Date of Award
Doctor of Education (Ded)
Professional Studies in Education
Robert E. Millward, D.Ed.
Wenfan Yan, Ph.D.
George R. Bieger, Ph.D.
Contemporary (empirical) leadership study (CLS) is beset with the inability to define its object efficiently. Consequently, CLS has generated hundreds of so-called leadership “definitions” with no end in sight, leaving the field in disarray. This situation of definitional indefiniteness is due to a lack of a fundamental (philosophical, non-empirical) theory of leadership that articulates a universal leadership reality that grounds and provides referential stability for empirical study. This essay is an attempt to provide this fundamental theory, viz., the Grammar of Leadership. Essentially, the Grammar is a philosophical hypothesis about what is the ontological “depth” that underlies all the variety of phenomenal “surfaces” of leadership. This hypothesis represents a way to delimit the proper domain of the scientific-empirical study of leadership, to “qualify” socialities for that domain so that scientific-empirical study can proceed confidently and efficiently with the effort to define leadership. It is precisely due to the lack of this philosophical foundation that CLS is in chaotic disarray. The exposition of the Grammar proceeds first by a discussion of the formal “syntactical” elements that obtain in any instance of leadership. Then there is a “semantic” application of this syntax to analyze actual situations in an attempt to show the explanatory power of the theory. Results of the analysis include disqualification of one situation from the domain of leadership study but the inclusion of the other. These results are characterized as the “disciplining” of the concept of leadership that remedies the definitional indefiniteness of CLS and thereby gives it a proper theoretical basis as a project of scientific-empirical research.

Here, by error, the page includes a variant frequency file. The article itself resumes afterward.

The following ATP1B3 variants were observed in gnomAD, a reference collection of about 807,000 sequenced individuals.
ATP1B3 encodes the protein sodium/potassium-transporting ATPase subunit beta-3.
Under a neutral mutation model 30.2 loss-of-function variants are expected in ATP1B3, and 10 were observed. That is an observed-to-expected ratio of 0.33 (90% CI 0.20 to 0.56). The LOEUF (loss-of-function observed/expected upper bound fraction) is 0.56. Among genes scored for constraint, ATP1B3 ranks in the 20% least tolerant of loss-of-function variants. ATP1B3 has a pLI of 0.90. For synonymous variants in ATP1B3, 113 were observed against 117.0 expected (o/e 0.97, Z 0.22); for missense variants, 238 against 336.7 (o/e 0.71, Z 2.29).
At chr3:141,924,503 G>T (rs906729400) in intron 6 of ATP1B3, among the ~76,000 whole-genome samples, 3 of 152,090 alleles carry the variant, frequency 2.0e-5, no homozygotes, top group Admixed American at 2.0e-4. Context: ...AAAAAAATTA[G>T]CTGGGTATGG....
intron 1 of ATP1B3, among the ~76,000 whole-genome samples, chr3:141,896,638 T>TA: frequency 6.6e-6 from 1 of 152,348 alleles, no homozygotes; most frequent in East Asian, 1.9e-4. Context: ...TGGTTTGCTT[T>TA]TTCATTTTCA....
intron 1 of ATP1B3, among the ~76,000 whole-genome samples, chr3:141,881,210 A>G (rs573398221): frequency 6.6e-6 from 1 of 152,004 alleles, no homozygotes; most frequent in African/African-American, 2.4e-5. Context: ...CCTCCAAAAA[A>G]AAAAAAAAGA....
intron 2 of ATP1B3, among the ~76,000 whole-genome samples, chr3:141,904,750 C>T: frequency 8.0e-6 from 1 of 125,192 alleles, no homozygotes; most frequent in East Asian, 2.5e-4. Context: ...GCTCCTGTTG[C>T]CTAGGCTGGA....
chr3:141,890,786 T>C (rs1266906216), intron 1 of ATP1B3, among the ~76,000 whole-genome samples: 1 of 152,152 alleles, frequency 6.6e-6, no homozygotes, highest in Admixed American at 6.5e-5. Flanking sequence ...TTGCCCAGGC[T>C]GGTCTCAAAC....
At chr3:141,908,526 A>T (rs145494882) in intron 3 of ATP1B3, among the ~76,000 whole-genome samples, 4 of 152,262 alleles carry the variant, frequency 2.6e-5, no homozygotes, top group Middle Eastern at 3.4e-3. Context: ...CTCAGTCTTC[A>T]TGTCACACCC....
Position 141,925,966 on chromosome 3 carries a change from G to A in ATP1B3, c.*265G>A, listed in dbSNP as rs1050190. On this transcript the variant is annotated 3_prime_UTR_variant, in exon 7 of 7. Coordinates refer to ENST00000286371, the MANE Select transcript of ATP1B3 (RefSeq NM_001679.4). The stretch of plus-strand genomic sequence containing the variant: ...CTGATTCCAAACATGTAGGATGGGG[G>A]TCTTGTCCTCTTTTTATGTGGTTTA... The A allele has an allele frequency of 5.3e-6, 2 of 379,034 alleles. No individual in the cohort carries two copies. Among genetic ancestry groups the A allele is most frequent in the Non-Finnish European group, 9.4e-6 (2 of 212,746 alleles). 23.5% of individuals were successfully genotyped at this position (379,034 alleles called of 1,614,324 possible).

Clark, Daniel H., "Towards a Grammar of Leadership" (2008). Theses and Dissertations. 799.